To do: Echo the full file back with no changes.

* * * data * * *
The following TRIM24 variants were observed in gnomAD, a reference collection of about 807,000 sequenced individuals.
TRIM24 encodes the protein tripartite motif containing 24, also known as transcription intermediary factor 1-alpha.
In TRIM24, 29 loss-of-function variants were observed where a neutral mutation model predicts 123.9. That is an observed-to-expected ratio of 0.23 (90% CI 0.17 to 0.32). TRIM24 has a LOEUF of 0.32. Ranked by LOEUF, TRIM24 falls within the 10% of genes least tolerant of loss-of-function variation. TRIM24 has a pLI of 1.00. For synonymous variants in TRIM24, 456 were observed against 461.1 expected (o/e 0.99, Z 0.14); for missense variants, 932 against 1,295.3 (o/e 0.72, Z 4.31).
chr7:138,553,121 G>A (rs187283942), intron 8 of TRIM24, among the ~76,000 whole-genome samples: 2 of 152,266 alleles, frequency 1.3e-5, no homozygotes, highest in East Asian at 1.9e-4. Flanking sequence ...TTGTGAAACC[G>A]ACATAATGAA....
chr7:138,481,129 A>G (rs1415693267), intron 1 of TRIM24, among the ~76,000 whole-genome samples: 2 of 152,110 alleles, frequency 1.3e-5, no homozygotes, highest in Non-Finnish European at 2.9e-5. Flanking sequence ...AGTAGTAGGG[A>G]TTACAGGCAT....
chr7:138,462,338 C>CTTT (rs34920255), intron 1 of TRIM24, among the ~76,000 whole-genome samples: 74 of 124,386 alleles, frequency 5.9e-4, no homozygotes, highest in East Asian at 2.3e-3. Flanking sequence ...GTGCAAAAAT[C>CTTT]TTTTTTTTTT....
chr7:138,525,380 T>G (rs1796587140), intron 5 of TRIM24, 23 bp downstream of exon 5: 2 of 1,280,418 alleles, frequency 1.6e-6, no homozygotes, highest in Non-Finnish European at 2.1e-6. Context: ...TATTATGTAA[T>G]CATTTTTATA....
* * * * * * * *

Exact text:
The following TRIM24 variants were observed in gnomAD, a reference collection of about 807,000 sequenced individuals.
TRIM24 encodes the protein tripartite motif containing 24, also known as transcription intermediary factor 1-alpha.
In TRIM24, 29 loss-of-function variants were observed where a neutral mutation model predicts 123.9. That is an observed-to-expected ratio of 0.23 (90% CI 0.17 to 0.32). TRIM24 has a LOEUF of 0.32. Ranked by LOEUF, TRIM24 falls within the 10% of genes least tolerant of loss-of-function variation. TRIM24 has a pLI of 1.00. For synonymous variants in TRIM24, 456 were observed against 461.1 expected (o/e 0.99, Z 0.14); for missense variants, 932 against 1,295.3 (o/e 0.72, Z 4.31).
chr7:138,553,121 G>A (rs187283942), intron 8 of TRIM24, among the ~76,000 whole-genome samples: 2 of 152,266 alleles, frequency 1.3e-5, no homozygotes, highest in East Asian at 1.9e-4. Flanking sequence ...TTGTGAAACC[G>A]ACATAATGAA....
chr7:138,481,129 A>G (rs1415693267), intron 1 of TRIM24, among the ~76,000 whole-genome samples: 2 of 152,110 alleles, frequency 1.3e-5, no homozygotes, highest in Non-Finnish European at 2.9e-5. Flanking sequence ...AGTAGTAGGG[A>G]TTACAGGCAT....
chr7:138,462,338 C>CTTT (rs34920255), intron 1 of TRIM24, among the ~76,000 whole-genome samples: 74 of 124,386 alleles, frequency 5.9e-4, no homozygotes, highest in East Asian at 2.3e-3. Flanking sequence ...GTGCAAAAAT[C>CTTT]TTTTTTTTTT....
chr7:138,525,380 T>G (rs1796587140), intron 5 of TRIM24, 23 bp downstream of exon 5: 2 of 1,280,418 alleles, frequency 1.6e-6, no homozygotes, highest in Non-Finnish European at 2.1e-6. Context: ...TATTATGTAA[T>G]CATTTTTATA....